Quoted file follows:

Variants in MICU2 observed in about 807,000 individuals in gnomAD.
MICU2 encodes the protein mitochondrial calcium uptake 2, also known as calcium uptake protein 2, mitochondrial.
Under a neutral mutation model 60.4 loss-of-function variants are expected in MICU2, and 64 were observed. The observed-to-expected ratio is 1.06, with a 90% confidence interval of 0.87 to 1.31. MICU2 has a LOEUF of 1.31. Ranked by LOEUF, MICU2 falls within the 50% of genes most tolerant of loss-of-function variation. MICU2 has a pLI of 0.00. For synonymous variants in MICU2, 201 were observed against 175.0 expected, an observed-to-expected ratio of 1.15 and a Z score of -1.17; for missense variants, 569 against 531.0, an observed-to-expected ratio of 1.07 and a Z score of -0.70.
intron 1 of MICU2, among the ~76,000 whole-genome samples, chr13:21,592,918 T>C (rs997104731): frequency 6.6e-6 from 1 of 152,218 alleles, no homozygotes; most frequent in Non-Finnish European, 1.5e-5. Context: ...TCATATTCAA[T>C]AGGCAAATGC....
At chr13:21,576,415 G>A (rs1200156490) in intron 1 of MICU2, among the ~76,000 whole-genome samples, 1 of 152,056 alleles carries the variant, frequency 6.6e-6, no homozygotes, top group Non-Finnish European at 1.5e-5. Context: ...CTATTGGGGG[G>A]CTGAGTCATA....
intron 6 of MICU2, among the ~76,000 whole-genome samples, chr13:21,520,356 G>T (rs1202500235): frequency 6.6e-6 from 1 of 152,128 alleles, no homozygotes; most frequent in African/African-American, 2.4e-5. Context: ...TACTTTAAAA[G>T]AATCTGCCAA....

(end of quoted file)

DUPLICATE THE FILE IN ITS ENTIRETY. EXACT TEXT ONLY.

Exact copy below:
Variants in MICU2 observed in about 807,000 individuals in gnomAD.
MICU2 encodes the protein mitochondrial calcium uptake 2, also known as calcium uptake protein 2, mitochondrial.
Under a neutral mutation model 60.4 loss-of-function variants are expected in MICU2, and 64 were observed. The observed-to-expected ratio is 1.06, with a 90% confidence interval of 0.87 to 1.31. MICU2 has a LOEUF of 1.31. Ranked by LOEUF, MICU2 falls within the 50% of genes most tolerant of loss-of-function variation. MICU2 has a pLI of 0.00. For synonymous variants in MICU2, 201 were observed against 175.0 expected, an observed-to-expected ratio of 1.15 and a Z score of -1.17; for missense variants, 569 against 531.0, an observed-to-expected ratio of 1.07 and a Z score of -0.70.
intron 1 of MICU2, among the ~76,000 whole-genome samples, chr13:21,592,918 T>C (rs997104731): frequency 6.6e-6 from 1 of 152,218 alleles, no homozygotes; most frequent in Non-Finnish European, 1.5e-5. Context: ...TCATATTCAA[T>C]AGGCAAATGC....
At chr13:21,576,415 G>A (rs1200156490) in intron 1 of MICU2, among the ~76,000 whole-genome samples, 1 of 152,056 alleles carries the variant, frequency 6.6e-6, no homozygotes, top group Non-Finnish European at 1.5e-5. Context: ...CTATTGGGGG[G>A]CTGAGTCATA....
intron 6 of MICU2, among the ~76,000 whole-genome samples, chr13:21,520,356 G>T (rs1202500235): frequency 6.6e-6 from 1 of 152,128 alleles, no homozygotes; most frequent in African/African-American, 2.4e-5. Context: ...TACTTTAAAA[G>T]AATCTGCCAA....